Tuesday, July 29, 2008

There Be Gold In Them Thar Lecture Halls

From the essay More Bang for the Book, written by Rachel Donadio
Originally published in The New York Times on 7/27/8:

In recent years, a growing number of writers, from the best-selling to the less so, have hit the rubber-chicken circuit, speaking at colleges and businesses, chambers of commerce, trade fairs and medical conventions. While a midlist novelist might ask, though not necessarily get, $2,500 per appearance, a superstar presidential historian might command $40,000. And some best-selling authors charge double that.

The venues can range from the upstanding (libraries, churches) to the downright weird. “Once, back in the ’80s, I spoke at a ‘motion upholstery conference’ in North Carolina,” the author Roy Blount Jr. said in an e-mail message. “Motion upholstery,” he explained, means “chairs that tilt back or vibrate or turn into beds.” He learned something at the conference: “Just as fish can’t see anything funny about water, people in the motion upholstery field don’t respond to jokes, however inspired, about motion upholstery.” Blount said speaking fees helped put his children through college. “Then I drifted away from it,” he said. “Now I’m doing it again; the money is a comfort in my golden years.”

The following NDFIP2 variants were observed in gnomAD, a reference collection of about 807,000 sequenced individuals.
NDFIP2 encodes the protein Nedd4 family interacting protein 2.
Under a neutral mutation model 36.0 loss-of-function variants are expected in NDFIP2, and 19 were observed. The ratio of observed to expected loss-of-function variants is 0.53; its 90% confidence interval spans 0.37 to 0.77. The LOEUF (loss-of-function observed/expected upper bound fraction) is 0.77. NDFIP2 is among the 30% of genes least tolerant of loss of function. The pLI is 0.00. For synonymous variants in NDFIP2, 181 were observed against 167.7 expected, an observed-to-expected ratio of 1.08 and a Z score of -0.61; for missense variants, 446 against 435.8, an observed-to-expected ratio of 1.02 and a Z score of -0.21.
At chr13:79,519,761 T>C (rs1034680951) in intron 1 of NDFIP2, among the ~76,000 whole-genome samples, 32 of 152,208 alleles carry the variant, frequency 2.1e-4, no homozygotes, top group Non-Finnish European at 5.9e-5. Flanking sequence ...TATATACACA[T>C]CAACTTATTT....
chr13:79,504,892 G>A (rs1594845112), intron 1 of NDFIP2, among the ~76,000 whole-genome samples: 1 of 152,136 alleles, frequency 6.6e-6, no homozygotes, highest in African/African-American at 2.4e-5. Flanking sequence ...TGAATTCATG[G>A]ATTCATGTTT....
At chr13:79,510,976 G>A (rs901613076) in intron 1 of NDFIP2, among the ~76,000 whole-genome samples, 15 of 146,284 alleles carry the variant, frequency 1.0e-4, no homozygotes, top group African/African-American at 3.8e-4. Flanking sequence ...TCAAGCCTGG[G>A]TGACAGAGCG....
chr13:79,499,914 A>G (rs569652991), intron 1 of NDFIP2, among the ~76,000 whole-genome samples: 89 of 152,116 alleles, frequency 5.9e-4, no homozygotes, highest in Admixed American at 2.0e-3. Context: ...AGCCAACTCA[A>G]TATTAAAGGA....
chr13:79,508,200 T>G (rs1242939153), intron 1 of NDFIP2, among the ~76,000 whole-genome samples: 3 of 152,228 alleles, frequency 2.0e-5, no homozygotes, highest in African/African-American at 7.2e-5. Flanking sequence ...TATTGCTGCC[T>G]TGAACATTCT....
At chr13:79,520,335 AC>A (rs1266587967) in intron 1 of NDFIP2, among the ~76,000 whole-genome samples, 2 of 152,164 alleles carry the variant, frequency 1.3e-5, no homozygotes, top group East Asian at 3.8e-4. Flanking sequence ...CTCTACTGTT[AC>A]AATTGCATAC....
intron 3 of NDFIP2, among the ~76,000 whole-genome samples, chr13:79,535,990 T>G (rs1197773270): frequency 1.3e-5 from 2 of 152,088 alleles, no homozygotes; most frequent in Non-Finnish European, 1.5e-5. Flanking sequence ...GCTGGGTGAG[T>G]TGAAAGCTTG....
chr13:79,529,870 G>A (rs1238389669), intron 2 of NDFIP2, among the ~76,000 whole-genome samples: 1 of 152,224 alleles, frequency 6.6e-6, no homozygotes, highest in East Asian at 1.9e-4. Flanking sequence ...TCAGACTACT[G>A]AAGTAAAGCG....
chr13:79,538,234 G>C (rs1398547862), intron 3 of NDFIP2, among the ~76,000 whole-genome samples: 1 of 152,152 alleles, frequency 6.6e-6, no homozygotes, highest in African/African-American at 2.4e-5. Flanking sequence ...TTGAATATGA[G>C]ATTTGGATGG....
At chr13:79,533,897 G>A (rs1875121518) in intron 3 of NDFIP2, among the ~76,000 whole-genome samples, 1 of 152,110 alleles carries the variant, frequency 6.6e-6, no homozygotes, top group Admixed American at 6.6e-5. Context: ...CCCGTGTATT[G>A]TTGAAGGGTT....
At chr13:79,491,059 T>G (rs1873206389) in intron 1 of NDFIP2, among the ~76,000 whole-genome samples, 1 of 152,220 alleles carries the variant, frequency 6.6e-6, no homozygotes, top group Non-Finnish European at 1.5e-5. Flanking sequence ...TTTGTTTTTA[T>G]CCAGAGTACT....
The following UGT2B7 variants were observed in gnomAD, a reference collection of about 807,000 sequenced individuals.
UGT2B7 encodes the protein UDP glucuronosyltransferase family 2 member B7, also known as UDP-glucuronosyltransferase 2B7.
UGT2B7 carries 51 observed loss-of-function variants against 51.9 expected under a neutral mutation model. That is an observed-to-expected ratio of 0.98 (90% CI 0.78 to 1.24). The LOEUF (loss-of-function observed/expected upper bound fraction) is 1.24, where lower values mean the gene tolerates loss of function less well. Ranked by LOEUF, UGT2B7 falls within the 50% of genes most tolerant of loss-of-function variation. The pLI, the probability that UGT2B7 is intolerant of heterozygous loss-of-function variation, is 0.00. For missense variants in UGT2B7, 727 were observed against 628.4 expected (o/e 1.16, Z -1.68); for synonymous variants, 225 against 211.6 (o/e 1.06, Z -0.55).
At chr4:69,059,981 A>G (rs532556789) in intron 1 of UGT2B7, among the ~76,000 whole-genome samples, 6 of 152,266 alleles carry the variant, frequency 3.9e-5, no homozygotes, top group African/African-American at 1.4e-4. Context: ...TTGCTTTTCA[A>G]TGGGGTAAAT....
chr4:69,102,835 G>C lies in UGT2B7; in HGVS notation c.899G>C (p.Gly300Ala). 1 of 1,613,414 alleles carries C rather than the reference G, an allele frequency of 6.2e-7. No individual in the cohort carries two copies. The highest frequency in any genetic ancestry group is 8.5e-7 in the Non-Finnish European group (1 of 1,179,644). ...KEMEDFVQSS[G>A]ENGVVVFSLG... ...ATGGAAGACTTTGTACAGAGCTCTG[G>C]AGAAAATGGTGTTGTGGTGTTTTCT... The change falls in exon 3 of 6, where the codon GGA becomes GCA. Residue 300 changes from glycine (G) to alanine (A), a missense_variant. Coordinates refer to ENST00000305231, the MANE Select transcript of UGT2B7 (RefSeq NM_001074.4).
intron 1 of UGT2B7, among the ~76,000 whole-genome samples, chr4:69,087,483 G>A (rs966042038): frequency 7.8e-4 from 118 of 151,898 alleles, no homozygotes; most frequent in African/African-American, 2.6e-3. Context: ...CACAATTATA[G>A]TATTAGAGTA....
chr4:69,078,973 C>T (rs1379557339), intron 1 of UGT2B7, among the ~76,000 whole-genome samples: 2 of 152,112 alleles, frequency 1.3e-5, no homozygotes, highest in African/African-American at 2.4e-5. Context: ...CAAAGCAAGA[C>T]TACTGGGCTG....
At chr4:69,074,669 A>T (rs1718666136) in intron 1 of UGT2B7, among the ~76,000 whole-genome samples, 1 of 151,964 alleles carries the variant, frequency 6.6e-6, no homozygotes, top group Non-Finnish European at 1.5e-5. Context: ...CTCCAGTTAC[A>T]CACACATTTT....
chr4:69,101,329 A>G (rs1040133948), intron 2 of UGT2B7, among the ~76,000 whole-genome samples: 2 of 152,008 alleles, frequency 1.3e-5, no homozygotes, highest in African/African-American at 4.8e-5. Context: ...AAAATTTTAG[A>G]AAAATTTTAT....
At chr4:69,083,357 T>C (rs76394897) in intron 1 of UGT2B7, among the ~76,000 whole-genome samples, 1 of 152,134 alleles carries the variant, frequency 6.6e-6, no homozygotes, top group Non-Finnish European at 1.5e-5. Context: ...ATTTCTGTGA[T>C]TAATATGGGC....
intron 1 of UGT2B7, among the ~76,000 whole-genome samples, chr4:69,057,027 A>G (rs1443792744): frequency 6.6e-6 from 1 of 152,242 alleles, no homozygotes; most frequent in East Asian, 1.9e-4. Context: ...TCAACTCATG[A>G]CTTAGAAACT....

Mark Twain went on tour to promote “Adventures of Huckleberry Finn,” and some of Ralph Waldo Emerson’s most famous essays, including “The American Scholar,” originated as lectures in Boston. But these days, publishers have become booking agents. HarperCollins established an in-house speakers bureau in 2005, and Knopf and Penguin have followed suit. (Random House has teamed up with the American Program Bureau, and Simon & Schuster just went into the speakers-bureau business with Greater Talent Network.) Beyond making money, keeping authors visible long after their publication dates and making sure copies of books are on hand, the in-house bureaus also reflect a market reality: with fewer bookstores and less coverage of books in newspapers, publishers are scrambling for new ways to connect books and readers without spending too much of their own money.

To read the entire essay, click here.